Alert attacks, over 100,000 police keep watch over pilgrims safety in Mecca
After the boycott of 2016, tens of thousands of faithful are expected from Iran. Shiite pilgrims against the interference of politics in the region. Because of the tensions between Riyadh and Doha, only a few dozen people from Qatar. Al Qaeda and Isis a "potential threat".
Riyadh (AsiaNews) - In order to ensure the security of Muslims throughout the world who are taking part in the major pilgrimage to Mecca (Hajj), the Saudi authorities have allocated over 100,000 members of the security forces.
The massive deployment is in response to the ever-increasing threat of assaults as in this period, even though there have been no specific alerts or threats from jihadist groups so far, not even the Islamic State (IS, formerly Isis) which targeted the country in the past.
The most important annual gathering of Muslim faithful will bring more than two million people from all over the world to the Saudi nation. This year, unlike the past year, there will be tens of thousands of Iranians who in 2016 could not take part in the Hajj because of the divisions between Tehran and Riyadh.
The crisis was triggered by "a massive stampede" that caused the death of at least 2,300 people, of which 464 were Iranian pilgrims. The event has caused strong tensions between Iran (the most important Shiite Muslim nation in the world) and Saudi Arabia (guardian of Sunni orthodoxy), resulting in the lack of participation - for the first time in 30 years - of the faithful of the Islamic Republic, Hajj.
A long and laborious diplomatic effort between the two nations reopened the doors of Mecca to the Iranians. There are at least 86,000 people who took part in the major pilgrimage, one of the five pillars of Islam. Among them is the 54-year-old Abbas Ali, who is said to be "happy to see so many Iranians here [in Mecca]" and adds that "political issues should not interfere in religious affairs, especially in the Haji." "We should not stop coming here - he concludes - because we are all Muslims."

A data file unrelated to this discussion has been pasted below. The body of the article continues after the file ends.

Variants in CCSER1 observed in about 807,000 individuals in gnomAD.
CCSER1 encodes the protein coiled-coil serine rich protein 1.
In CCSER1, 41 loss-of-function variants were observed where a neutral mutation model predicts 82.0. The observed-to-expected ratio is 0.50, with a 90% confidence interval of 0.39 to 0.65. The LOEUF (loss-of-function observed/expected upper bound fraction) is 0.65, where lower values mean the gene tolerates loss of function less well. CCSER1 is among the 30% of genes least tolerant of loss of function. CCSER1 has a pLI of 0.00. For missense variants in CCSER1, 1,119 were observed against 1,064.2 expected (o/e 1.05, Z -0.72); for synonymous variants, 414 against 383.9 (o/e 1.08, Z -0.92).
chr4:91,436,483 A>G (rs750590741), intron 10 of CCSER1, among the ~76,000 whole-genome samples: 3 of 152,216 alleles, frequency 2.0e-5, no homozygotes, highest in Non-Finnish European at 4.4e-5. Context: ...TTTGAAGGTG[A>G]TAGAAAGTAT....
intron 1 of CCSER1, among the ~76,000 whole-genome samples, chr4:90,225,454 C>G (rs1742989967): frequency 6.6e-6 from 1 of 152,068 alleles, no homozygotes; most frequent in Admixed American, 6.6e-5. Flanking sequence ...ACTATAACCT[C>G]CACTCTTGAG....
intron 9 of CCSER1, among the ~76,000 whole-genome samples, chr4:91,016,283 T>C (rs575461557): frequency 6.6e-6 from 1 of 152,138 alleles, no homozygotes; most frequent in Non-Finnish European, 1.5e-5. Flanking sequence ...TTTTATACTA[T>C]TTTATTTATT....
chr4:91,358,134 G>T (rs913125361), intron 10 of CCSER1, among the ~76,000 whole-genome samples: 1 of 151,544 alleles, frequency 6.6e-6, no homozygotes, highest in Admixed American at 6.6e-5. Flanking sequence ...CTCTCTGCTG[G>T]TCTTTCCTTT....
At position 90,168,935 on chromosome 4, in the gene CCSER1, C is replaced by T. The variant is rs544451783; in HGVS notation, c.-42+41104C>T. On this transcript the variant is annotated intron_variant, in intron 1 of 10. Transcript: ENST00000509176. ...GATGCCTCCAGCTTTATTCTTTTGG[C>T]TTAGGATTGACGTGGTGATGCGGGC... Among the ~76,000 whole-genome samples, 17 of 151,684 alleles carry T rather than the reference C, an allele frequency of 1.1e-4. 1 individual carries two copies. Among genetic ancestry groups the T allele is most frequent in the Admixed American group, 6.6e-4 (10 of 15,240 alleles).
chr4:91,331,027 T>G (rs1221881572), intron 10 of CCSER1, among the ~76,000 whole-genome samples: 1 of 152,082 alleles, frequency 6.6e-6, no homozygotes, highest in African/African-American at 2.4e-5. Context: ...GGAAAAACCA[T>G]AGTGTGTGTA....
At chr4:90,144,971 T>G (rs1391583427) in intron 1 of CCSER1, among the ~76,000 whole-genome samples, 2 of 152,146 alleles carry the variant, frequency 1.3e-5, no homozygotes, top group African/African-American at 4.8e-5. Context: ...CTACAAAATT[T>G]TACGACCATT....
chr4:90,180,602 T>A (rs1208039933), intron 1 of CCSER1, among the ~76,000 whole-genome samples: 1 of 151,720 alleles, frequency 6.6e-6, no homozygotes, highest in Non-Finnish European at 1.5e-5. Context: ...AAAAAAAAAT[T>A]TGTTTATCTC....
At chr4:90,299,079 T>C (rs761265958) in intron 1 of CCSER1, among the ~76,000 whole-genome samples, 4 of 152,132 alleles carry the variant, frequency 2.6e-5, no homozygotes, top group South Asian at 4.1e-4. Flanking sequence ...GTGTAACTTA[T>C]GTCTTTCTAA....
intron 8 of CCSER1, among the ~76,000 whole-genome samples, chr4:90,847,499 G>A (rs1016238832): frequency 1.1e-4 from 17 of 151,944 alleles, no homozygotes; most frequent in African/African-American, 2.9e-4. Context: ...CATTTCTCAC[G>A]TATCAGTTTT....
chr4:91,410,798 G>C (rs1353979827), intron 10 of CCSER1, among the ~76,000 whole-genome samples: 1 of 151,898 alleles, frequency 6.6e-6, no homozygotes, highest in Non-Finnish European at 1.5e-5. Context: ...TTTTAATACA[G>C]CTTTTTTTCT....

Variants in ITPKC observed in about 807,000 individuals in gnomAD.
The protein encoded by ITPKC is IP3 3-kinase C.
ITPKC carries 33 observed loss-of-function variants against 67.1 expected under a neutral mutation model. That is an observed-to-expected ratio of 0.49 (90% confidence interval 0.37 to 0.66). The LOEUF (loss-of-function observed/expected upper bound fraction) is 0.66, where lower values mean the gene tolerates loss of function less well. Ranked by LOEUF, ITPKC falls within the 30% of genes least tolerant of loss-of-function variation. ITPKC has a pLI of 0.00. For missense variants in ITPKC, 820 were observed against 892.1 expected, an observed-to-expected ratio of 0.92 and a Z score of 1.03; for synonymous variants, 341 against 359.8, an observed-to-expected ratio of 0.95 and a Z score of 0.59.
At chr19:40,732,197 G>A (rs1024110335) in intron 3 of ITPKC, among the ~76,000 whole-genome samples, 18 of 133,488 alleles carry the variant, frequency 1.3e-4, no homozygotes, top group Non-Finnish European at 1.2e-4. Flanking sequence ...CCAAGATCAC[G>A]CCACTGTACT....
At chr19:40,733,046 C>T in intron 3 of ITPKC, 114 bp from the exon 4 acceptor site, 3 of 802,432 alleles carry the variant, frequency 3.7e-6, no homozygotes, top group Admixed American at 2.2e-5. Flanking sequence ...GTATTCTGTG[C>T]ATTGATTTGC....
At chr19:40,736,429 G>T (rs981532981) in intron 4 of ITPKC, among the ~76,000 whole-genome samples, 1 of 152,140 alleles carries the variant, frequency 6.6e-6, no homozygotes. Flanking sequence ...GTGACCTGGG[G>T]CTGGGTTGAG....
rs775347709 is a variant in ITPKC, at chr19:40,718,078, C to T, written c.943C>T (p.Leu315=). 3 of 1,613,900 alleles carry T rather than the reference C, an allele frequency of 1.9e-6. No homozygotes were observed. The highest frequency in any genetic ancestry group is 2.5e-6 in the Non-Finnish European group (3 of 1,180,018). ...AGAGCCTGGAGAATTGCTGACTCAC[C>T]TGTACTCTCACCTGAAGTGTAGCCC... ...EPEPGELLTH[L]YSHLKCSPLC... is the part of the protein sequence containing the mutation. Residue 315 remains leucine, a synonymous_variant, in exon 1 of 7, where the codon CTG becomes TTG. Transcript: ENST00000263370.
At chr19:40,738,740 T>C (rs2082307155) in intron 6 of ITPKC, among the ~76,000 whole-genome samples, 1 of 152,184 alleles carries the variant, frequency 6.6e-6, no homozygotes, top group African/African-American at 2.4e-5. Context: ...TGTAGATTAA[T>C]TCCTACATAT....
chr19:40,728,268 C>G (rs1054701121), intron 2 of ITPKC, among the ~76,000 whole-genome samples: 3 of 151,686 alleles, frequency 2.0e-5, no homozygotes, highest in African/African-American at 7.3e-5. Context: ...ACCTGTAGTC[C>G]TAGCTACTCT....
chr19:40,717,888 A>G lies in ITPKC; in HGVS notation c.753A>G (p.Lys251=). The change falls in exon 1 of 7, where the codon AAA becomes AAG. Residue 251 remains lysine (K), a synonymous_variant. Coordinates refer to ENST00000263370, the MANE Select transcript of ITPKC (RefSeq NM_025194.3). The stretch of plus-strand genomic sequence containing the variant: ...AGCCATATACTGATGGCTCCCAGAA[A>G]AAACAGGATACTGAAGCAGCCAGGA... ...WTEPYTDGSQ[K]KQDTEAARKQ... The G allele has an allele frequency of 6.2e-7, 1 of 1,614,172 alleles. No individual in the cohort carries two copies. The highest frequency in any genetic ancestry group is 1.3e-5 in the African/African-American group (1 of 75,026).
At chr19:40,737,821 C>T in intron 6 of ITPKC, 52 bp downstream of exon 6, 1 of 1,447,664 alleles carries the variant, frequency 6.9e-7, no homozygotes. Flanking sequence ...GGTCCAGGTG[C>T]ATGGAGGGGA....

If the tensions between Tehran and Riyadh, at least in terms of the pilgrimage, seem to have been resolved, the ongoing crisis between Qatar and Saudi Arabia that began in June has in fact reduced the presence of faithful from Doha. According to the latest information, only a few dozen Qataris have crossed the border to participate in the Hajj, confirming a widening fracture. An official of the Qatar National Committee for Human Rights reports that "last week between 60 and 70 people crossed the border"; A figure far below the 12,000 faithful who, last year, took part in the major pilgrimage.
The Saudi authorities look closely at security issues with targeted intelligence. According to the Interior Ministry spokesman Mansour Turki, in the recent past special departments have dismantled several militant cells based in Mecca and Medina. And the defeats suffered by the Islamic State in Syria and Iraq have not reduced tension and the security levels, as the "potential threat" of terrorist groups remains strong.
The authorities have placed checkpoints and metal detectors at the airports and the entrance to the holy places of Islam, even though the ministry spokesman himself states that "there have been no specific threats so far." "We are paying the utmost attention [to security and public order] – he concludes - to every possible alert, even if we do not disseminate communicate them to press”.